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I'm starting to define my Entity classes for a game I am writing. However, I want a lot of code re-use. I want to define classes for different functionality, and then have classes which 'have' some of these classes' functionality.

For example:

class Collidable:
    def handle_collision(other, incident_vector):
        pass

    def __init__(self, shape):
        self.shape = shape

class Movable:
    def update_position(self):
        self.velocity += self.acceleration
        self.position += self.velocity

    def __init__(self, velocity, acceleration):
        self.velocity, self.acceleration = velocity, acceleration

class Drawable:
    def draw(self):
        pass

    def __init__(self, image):
        self.image = image

class Controllable:
    def key_down(self, key):
        pass

    def __init__(self):
        pass

Then have a Player class which is Collidable, Movable, Drawable, Controllable, an Invisible Barrier which is only Collidable, a Background which is only Drawable, etc. I've heard of many different ways of connecting multiple classes, (such as via Composition, (Multiple) Inheritance, Interfaces, etc), but I don't know which is most appropriate and/or pythonic for this situation.

Mix-ins (special case of Multiple Inheritance) looks to be what I'm looking for (since a Player should BE a Collidable, a Movable, a Drawable, and a Controllable), but in trying this out, I'm finding difficulty in using super to pass the right arguments to the right init functions.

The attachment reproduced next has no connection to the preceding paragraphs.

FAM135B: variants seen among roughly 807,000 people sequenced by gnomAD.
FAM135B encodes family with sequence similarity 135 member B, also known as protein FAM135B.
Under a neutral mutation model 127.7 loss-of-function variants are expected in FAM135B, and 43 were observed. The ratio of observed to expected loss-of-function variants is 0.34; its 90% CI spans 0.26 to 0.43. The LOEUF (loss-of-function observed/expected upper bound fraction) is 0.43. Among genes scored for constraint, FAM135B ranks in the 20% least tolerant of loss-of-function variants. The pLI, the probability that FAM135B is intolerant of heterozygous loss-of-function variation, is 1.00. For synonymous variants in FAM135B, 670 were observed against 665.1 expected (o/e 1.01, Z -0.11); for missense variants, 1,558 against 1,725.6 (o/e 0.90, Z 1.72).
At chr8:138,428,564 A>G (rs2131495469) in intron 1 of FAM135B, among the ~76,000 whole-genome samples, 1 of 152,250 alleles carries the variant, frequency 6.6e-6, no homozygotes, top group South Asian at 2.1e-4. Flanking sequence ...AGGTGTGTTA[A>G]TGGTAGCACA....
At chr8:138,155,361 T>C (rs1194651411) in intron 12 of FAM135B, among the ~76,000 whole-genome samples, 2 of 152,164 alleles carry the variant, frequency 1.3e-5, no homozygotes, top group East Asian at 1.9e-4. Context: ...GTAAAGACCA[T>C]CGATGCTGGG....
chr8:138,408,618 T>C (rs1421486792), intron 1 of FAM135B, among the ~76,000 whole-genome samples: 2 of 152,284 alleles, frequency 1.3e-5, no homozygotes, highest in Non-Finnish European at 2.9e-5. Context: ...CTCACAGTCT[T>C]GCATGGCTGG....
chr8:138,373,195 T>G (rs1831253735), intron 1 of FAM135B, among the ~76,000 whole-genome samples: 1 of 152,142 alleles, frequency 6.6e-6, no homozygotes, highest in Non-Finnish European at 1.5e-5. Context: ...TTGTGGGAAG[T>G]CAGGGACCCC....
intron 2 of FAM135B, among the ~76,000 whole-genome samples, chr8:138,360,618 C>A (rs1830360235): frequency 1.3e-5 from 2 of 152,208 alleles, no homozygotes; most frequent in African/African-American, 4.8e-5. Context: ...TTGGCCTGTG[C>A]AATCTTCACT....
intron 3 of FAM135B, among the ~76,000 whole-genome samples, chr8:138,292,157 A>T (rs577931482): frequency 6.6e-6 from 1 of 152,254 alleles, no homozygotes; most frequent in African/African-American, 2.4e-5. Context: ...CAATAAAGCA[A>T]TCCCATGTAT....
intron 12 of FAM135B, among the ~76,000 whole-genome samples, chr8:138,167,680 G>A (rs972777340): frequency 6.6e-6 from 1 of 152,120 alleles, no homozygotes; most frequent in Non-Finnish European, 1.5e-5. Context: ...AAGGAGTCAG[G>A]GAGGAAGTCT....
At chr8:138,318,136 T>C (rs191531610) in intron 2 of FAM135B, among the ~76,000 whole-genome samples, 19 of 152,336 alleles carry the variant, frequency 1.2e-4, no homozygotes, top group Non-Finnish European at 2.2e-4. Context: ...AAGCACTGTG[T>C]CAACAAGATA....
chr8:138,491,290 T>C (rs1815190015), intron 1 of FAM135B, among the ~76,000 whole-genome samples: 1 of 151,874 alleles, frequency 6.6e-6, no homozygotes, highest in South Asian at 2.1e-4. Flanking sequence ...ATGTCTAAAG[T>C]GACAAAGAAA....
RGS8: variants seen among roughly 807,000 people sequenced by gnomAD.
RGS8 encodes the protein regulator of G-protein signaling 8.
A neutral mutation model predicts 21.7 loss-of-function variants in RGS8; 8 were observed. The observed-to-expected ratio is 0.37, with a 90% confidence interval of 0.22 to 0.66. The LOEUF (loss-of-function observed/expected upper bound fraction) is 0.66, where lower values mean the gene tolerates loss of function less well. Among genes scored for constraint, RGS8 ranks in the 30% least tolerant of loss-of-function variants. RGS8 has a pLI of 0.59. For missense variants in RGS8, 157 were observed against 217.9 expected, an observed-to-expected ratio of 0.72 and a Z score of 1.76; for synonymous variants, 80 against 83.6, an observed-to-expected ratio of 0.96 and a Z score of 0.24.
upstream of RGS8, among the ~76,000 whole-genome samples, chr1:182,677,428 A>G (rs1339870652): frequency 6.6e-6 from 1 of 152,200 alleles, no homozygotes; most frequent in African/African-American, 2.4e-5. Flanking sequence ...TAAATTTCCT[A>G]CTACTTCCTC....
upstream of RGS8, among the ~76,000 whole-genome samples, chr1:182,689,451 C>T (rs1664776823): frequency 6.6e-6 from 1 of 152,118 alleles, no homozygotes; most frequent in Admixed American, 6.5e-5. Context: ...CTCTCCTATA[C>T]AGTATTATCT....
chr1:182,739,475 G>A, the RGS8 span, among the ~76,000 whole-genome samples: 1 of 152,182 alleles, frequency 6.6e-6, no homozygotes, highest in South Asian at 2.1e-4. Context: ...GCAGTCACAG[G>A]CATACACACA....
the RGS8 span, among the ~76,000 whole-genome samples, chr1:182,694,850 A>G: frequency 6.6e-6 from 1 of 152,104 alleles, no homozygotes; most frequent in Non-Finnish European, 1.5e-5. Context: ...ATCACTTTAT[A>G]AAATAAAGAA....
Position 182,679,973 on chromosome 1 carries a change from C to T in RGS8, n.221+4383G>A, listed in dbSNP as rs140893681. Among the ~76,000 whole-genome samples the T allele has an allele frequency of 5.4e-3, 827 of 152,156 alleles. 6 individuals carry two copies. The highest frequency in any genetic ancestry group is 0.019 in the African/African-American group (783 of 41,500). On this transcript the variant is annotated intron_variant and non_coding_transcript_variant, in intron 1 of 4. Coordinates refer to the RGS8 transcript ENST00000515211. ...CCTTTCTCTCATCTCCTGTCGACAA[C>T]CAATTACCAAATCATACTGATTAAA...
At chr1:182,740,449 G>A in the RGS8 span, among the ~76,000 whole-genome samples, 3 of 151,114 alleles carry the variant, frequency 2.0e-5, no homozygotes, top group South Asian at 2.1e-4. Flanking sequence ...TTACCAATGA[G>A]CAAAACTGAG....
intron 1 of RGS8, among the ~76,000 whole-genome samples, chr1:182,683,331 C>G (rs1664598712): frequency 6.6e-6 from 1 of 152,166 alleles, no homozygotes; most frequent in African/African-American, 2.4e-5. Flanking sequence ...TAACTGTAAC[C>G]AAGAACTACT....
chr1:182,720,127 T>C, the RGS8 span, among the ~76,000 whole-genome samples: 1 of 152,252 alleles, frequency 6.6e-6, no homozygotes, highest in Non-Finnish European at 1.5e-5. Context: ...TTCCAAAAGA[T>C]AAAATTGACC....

Edit:

I'm using python 3.2.

share|improve this question
2  
Remember to always inherit your classes, however short, from "object" so that "modern" object behavior works on them. There are quite a lot of usefull feartures that only work on new style classes, which in Python 2 are classes that derive from "object". As an alternative, if you have a single file with lots of short classes inherting from nothing, just set a module level __metaclass__=type variable - that will have the same effect than inheriting each class from object –  jsbueno Feb 13 '12 at 18:59
    
Is this still valid for Python 3.x? I didn't mention that I was using Python 3.2 for my development, as I wasn't aware of any issues with super other than the change in syntax (from a direct to an indirect reference to the parent). –  Darthfett Feb 13 '12 at 19:31
    
@Darthfett: In Py3k, classes inherit from object by default. –  Niklas B. Feb 13 '12 at 20:13

2 Answers 2

up vote 3 down vote accepted

Here is a simple way to implement the inheritance using super(). For this to work you will always need to create instances of Player (and other classes that inherit from your ***able classes) with keyword arguments. Each base class will strip whatever keyword arguments it is using from kwargs and pass the rest on to the next __init__() in the mro, for example:

class Collidable(object):
    def handle_collision(other, incident_vector):
        pass

    def __init__(self, shape, **kwargs):
        self.shape = shape
        super(Collidable, self).__init__(**kwargs)

class Movable(object):
    def update_position(self):
        self.velocity += self.acceleration
        self.position += self.velocity

    def __init__(self, velocity, acceleration, **kwargs):
        self.velocity, self.acceleration = velocity, acceleration
        super(Movable, self).__init__(**kwargs)

class Drawable(object):
    def draw(self):
        pass

    def __init__(self, image, **kwargs):
        self.image = image
        super(Drawable, self).__init__(**kwargs)

class Controllable(object):
    def key_down(self, key):
        pass

    def __init__(self, **kwargs):
        super(Controllable, self).__init__(**kwargs)

Then you could define your Player class:

class Player(Collidable, Movable, Drawable, Controllable):